|Name:||Eric Vaughn Plunk||Position:||Relief Pitcher|
|Best Season (1996)||36||23||0.610||3.25||373||26||462.0||393||167||42||217||460||1.32||9.0||.221|
|Post Season Career||1||3||0.250||8.93||12||0||12.1||11||12||4||10||13||1.74||9.7||.233|
Eric Plunk may not be remembered as an all-time great because of his disappointing final appearances with the Indians, but he really was one of the greatest relief pitchers in Cleveland history. Starting with the bad and ending with the good, Plunk was an integral member of the 1997 AL Champion Indians' bullpen. While Jose Mesa was still the closer, Plunk was a primary set-up man and threw in three of the seven games. All three games ended as losses for the Indians and one was his fault as he picked the worst possible time to lose it, giving up four runs (three earned) in 2/3rds of an innings in game three against the Marlins. The Indians ended up losing the game 11-14 with Plunk taking the loss. The Indians ended up losing the series in seven games, almost completely due to the break down of the previously great bullpen.
Plunk originally joined the Indians during his second free agency in 1992 after playing his first few years with the Yankees and Athletics. He wasn't very impressive during those first few seasons, (4.11 ERA and 1.52 WHIP) and it allowed the Indians to sign him for the league minimum. In 1992, the Indians used him 58 times for 71.2 innings, finishing with nine wins, but an ERA of just 3.64. He would only get better from there.
From 1993 through 1994 Plunk established himself as the Indians primary set-up man while the rest of the roster was being polished. After his successful first season, Plunk was tried in the closers role, but converted starter Jose Mesa was fated to take that job. Each of his first three seasons Plunk through 71 innings and allowed 61 hits, the model of consistency. He did improve his strike out rates, including 77 in 1993 leading to a 9.0 career K/9, which still ranks among the top five all time in Indians history.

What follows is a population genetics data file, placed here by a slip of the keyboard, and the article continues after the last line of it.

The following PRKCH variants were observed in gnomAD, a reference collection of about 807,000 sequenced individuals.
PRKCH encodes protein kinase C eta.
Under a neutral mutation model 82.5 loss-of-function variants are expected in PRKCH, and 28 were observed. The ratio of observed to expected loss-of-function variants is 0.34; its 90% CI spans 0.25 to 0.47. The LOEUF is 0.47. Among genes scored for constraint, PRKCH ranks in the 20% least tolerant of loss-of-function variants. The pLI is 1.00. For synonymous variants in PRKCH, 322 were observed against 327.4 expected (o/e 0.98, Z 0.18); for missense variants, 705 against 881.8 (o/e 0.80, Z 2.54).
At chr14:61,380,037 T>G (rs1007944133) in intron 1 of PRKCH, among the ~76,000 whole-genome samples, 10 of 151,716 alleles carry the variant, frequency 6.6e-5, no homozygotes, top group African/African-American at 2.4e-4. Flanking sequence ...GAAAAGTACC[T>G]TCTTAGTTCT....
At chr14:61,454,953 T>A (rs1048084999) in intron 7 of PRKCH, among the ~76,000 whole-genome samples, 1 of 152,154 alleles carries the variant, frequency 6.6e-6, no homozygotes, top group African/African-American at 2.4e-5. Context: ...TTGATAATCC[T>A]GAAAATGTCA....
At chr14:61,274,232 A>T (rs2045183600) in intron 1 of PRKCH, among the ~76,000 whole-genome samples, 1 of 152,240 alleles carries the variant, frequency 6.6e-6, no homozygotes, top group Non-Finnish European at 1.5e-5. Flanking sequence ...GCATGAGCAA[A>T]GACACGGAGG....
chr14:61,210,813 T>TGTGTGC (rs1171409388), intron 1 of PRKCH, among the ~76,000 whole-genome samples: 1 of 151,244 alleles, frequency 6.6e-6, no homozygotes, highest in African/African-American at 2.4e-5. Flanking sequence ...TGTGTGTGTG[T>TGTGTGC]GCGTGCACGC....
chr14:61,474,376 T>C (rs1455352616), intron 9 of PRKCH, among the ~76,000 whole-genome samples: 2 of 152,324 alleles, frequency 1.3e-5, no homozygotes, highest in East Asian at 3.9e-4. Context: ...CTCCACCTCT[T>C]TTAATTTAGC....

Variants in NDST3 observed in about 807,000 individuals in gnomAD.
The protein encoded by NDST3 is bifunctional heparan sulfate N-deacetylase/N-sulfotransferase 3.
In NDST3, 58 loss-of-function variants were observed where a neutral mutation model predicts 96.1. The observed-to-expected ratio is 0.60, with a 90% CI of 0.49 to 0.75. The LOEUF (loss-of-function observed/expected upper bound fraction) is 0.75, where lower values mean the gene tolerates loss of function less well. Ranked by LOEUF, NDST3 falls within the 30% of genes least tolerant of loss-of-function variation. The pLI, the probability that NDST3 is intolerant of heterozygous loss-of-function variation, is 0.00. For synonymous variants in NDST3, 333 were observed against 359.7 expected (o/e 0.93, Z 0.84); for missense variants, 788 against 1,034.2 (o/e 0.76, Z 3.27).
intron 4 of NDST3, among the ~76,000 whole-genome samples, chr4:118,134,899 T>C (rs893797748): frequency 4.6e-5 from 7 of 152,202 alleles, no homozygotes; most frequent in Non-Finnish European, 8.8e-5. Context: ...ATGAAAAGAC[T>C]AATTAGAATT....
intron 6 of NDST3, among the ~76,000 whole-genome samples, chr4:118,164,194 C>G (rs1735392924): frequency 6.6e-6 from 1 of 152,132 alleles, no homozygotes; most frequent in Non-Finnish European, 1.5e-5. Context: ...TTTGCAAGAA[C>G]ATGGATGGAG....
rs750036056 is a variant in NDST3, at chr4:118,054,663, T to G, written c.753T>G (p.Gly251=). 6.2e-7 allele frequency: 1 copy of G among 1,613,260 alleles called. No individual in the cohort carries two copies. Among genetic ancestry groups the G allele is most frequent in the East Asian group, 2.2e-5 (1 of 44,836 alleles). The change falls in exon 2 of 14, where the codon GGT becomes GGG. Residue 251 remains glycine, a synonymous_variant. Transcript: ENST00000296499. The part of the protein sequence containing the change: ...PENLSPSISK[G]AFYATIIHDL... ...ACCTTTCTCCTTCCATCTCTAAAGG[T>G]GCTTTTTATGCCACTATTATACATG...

In 1995, the Indians were ready to compete and Plunk was in his prime. He finished the year with a 2.67 ERA in 57 games and hit his career high with a 10 K/9. Despite his success during the regular season, he struggled in the post-season, a sign of times to come. He allowed two runs in two innings against the Mariners in the ALCS and was kept out of the World Series entirely.
1996 was Plunk's final great season with the Indians and was likely the best in his career. He set a career low with a 2.43 ERA and career relief high with 85 strike outs. In that post-season, he struggled again, throwing four innings in three games against Baltimore and allowing three runs. He struggled again in 1997 during the regular season and as already mentioned in the play-offs. Things didn't change for the 34 year old Plunk in 1998 and with the fans disgruntled, he was traded to Milwaukee for Doug Jones. Of course Jones was even older at 41, so the deal was more to remove Plunk from Cleveland than for any other reason.
Plunk played one more season with the Brewers before calling a career and going out on-top (relatively), throwing 75.1 innings and striking out 63. In addition to his impressive Indians strike out numbers, he still ranks 26th all time in MLB history in K/9. As pitching roles have become more clearly defined, many players have surpassed him in the past decade, but when he retired in 1999, he ranked 10th all time. Despite his post-season failures, the Indians would have had a hard time manufacturing all those come from behind wins without him being there to keep things close in the regular season. In the end, Plunk was arguably the best right handed reliever in Indians history and certainly deserves credit as an all time great.